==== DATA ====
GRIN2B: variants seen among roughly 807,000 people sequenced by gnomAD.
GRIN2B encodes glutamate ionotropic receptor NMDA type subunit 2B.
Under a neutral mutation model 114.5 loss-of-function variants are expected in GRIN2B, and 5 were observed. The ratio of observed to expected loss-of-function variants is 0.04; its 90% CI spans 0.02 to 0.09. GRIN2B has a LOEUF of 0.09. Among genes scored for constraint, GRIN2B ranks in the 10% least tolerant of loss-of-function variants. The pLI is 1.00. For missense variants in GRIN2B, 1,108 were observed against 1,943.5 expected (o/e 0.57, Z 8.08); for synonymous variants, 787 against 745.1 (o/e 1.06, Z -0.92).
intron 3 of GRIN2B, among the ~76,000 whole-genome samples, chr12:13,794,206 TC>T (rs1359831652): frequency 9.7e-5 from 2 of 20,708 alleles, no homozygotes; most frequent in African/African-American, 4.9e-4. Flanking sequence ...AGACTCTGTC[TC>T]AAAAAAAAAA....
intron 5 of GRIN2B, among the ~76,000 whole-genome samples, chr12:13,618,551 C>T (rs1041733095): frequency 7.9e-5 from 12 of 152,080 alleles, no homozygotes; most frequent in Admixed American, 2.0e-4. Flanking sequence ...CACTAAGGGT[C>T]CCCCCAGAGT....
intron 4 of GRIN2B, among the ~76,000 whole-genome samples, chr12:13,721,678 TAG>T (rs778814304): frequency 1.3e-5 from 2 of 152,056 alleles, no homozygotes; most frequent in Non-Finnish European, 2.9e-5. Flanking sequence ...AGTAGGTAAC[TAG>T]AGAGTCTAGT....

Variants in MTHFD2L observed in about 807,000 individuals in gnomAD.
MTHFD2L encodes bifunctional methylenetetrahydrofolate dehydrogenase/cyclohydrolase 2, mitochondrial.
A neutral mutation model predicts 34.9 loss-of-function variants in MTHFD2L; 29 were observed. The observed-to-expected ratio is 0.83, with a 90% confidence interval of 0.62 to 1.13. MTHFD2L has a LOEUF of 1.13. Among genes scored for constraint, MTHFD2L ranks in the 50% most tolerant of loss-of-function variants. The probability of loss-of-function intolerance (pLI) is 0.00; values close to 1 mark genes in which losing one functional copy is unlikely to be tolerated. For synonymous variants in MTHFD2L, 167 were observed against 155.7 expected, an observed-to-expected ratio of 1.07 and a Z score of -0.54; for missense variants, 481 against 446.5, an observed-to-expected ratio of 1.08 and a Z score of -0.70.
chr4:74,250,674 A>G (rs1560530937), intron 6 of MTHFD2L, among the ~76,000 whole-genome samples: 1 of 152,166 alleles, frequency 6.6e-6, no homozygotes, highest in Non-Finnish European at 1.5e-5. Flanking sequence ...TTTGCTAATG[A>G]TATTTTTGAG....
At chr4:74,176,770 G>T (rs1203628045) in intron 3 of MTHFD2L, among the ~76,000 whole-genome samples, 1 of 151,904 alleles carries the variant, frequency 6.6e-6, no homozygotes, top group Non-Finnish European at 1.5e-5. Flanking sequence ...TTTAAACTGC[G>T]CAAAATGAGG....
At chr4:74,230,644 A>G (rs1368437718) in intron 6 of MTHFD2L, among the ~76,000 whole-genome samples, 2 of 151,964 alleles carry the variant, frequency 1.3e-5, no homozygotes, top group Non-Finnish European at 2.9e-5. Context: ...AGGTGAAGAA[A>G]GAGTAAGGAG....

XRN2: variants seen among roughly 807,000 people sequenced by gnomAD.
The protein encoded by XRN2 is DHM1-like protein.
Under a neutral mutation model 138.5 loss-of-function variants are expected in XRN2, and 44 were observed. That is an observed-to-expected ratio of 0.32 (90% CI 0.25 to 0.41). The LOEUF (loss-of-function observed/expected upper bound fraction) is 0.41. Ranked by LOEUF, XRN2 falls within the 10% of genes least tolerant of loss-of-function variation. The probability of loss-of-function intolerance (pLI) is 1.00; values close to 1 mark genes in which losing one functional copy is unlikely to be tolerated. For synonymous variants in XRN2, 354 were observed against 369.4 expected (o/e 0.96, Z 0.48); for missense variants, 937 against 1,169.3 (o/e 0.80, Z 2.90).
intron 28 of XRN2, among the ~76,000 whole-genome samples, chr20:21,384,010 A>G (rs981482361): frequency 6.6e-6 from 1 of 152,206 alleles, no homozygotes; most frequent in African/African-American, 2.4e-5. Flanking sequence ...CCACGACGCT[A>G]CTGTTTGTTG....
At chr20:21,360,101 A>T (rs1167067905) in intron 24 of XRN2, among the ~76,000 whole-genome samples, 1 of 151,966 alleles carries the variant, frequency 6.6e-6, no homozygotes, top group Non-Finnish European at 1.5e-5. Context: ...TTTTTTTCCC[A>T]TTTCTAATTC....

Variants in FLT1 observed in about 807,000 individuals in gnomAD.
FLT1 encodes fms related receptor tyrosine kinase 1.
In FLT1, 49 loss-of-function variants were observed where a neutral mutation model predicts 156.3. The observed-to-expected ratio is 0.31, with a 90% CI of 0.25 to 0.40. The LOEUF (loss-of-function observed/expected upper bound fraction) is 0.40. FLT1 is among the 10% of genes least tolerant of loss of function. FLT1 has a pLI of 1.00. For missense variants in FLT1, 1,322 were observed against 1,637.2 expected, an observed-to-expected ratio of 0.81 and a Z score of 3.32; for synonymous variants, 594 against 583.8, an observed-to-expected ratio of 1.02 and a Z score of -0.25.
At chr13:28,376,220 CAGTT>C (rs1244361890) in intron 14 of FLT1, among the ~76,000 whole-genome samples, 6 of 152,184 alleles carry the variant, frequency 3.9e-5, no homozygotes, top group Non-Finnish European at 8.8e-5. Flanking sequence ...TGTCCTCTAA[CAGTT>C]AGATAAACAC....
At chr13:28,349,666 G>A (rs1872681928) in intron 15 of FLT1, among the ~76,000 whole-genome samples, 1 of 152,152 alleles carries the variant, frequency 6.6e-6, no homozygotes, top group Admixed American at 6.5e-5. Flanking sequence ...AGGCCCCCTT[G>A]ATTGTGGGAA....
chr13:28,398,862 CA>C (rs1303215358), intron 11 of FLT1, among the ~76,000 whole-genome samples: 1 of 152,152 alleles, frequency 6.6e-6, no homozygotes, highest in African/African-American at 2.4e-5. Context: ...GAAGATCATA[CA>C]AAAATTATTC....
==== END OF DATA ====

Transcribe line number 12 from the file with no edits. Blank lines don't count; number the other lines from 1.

At chr4:74,230,644 A>G (rs1368437718) in intron 6 of MTHFD2L, among the ~76,000 whole-genome samples, 2 of 151,964 alleles carry the variant, frequency 1.3e-5, no homozygotes, top group Non-Finnish European at 2.9e-5. Context: ...AGGTGAAGAA[A>G]GAGTAAGGAG....